The Buddha’s teachings are taken very seriously by neuroscientists and philosophers investigating the nature of the self. Buddhist meditation techniques are being investigated and found useful in literally hundreds of universities across the world.

  28. Being a person that believes all religions are stories written by humans, I think the rewrite is better. My 10 year old daughter can understand it. A wheel on a modern car is more advanced then the first wheel someone created.

    1. I’d disagree that the rewrite is better, and question your assumption that a sign philosophical statements are improved is that they can be understood by children. But that’s not really my point here. The quote has been altered to the point where it doesn’t reflect what the Buddha taught, and so it shouldn’t be ascribed to him.

  29. The rewrite is better for my use, and that is to print it out and hang over my daughters bed, as words of wisdom, and want to pass on. If I printed out the original version she would not understand it. So my point is that adaptations or rewrites are totally ok. I might even sign it: Based on Buddha:)

    1. Wow. Thanks for that. It’s most interesting that the quote is in an essay by Anagarika Dharmapala. As a revivalist and modernist Buddhist he was very much concerned to promote the image of Buddhism as rational, so it makes sense that he would use this quote. I wonder if he was quoting from an old translation of the sutta, or whether this was his own rendering?

    2. I was interested in the slight shift from “good and gain” to “good and benefit.” It seems our version of the quote is from a slightly altered version created by the scholar Max Müller, who attributed the quote to the World Parliament of Religions book you linked to. Müller was an important scholar, but also a western rationalist who wanted to believe that eastern religions were at their core rational systems, albeit corrupted. Read just a little further than the extract below and you’ll see that in operation.


      1. It’s interesting to read how the approach to Vedic/Buddhist writings is to separate the “wheat from the chaff”. In my research of some of the Christian apologists of that era, they try to do the same. They reject biblical literalism. They accept Darwin’s insight as fact, even while polemicizing against Huxley’s Agnosticism, which they regard as a species of atheism. Now modern progressive Christians are involved in “deconstruction”, whereby they are striping their theology down to a humanist core and further adopting naturalism.

  30. “These qualities are skilful; these qualities are blameless; these qualities are praised by the wise; these qualities, when adopted and carried out, lead to welfare and to happiness – then you should enter and remain in them”. These words. (sorry).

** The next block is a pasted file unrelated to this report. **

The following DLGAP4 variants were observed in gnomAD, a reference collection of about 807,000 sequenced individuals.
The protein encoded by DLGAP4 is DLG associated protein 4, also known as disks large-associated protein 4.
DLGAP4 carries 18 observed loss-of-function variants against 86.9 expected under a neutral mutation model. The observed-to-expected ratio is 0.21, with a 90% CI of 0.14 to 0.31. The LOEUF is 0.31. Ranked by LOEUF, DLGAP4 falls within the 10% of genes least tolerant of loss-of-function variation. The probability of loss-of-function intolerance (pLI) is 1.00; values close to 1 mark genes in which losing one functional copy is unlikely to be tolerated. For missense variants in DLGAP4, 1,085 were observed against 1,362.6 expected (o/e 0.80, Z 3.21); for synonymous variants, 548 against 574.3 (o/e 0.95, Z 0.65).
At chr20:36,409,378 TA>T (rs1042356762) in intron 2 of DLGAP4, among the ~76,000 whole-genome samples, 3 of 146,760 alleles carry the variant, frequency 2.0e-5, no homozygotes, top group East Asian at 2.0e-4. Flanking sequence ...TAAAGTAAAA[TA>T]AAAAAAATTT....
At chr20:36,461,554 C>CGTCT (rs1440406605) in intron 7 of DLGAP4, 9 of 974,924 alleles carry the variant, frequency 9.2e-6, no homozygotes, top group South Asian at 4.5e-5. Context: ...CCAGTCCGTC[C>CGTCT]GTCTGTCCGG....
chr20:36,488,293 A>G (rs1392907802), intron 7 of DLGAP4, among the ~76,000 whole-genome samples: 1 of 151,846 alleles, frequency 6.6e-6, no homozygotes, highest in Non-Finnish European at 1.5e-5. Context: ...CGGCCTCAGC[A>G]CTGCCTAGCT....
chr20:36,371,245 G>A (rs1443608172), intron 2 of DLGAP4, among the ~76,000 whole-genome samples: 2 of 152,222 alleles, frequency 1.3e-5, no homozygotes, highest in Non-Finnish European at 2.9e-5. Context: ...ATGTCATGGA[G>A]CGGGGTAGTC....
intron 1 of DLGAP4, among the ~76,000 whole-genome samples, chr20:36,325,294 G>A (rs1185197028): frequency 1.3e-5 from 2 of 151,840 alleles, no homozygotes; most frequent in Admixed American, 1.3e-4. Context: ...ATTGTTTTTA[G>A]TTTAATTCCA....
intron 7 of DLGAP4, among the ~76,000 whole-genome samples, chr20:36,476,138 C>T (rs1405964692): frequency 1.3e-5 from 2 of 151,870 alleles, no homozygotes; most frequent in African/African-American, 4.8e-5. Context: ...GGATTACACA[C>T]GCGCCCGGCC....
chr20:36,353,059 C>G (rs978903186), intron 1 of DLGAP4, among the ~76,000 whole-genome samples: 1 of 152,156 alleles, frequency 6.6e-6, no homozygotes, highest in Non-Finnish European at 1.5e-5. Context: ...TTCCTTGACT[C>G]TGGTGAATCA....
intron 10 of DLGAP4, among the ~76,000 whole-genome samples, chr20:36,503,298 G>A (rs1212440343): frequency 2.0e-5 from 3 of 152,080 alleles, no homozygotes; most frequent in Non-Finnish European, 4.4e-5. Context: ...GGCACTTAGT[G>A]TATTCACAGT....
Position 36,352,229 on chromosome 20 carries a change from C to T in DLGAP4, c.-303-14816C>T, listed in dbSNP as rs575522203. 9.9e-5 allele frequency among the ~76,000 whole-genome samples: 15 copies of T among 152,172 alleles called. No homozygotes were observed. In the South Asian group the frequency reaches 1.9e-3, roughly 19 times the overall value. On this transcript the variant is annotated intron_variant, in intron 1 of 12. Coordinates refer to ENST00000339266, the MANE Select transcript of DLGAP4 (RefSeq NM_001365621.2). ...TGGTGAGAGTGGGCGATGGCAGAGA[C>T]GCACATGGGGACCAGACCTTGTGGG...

31. You still can’t prove it’s fake and we can’t prove he really said it. But the main message is still in line with Buddhism. Things weren’t written down back then but it’s safe to assume that the Buddha did say something like this. And you not having proof of the first quote being take from somewhere else, shows that you can’t say it’s fake… I also should realize this myself and not listen to you.

    1. If a teaching purports to be from the Buddha but isn’t in the scriptures, then we should regard it as fake — it’s either misattributed or invented. (This is not just my position, but is what the Buddha’s recorded as saying.) In this particular case the quote is partly invented. It’s based on the Kalama Sutta but has been altered to fit someone’s agenda.

      Contrary to what you say, this quote isn’t in line with the Buddha’s teaching. It in fact directly contradicts the Kalama sutta’s insistence that common sense and reason are not sufficient for determining the truth of a teaching.

      1. >If a teaching purports to be from the Buddha but isn’t in the scriptures, then we should regard it as fake — it’s either misattributed or invented. (This is not just my position, but is what the Buddha’s recorded as saying.)

        This is getting very disingenuous, you’re saying that you can check what the Buddha was recorded as saying.

        1. I’m really not sure what point you’re trying to make. Yes, I am saying that we can check what the Buddha was recorded as saying having said. The scriptures are what the Buddha is recorded as saying having said. We can read those and check whether a purported quote is to be found there. This one isn’t. Or are you trying to argue that it is?

  32. Tomato, toh-mah-toh…. I’m sorry but in my never ending thoughts and understanding, as I read these they seem to speak the same to me… I’m not misinterpreting either one to be saying something different than the other except that the words being used are different. But, some people I suppose, are die hard literature radicals. Which is what makes this a great article for those who too share the same requirements for literally absolute definition I would think. At first it frustrated me, to see the lengths one dissects a carried over quote to make it resonate to their liking. However, I see there are people who need absolute specifically precise words for their vocabulary to properly define what they are reading. So, with that this is appreciable and without such explanation some would still be lost and reading into the wrong definitions of this quote. I’m not sure how much it may matter to one or the other of who precisely made this statement …. Nevertheless, it’s a wonderful quote that I truly feel is what our unity could phenomenally progress and make us want to be more understanding and live in “good light” as opposed to being reduced to politics, religions, and monetary status quos… Well that’s just an opinion so I suppose it wanted to be heard. Thanks for your dedication on something you truly emit passion for. It is absolutely appreciated.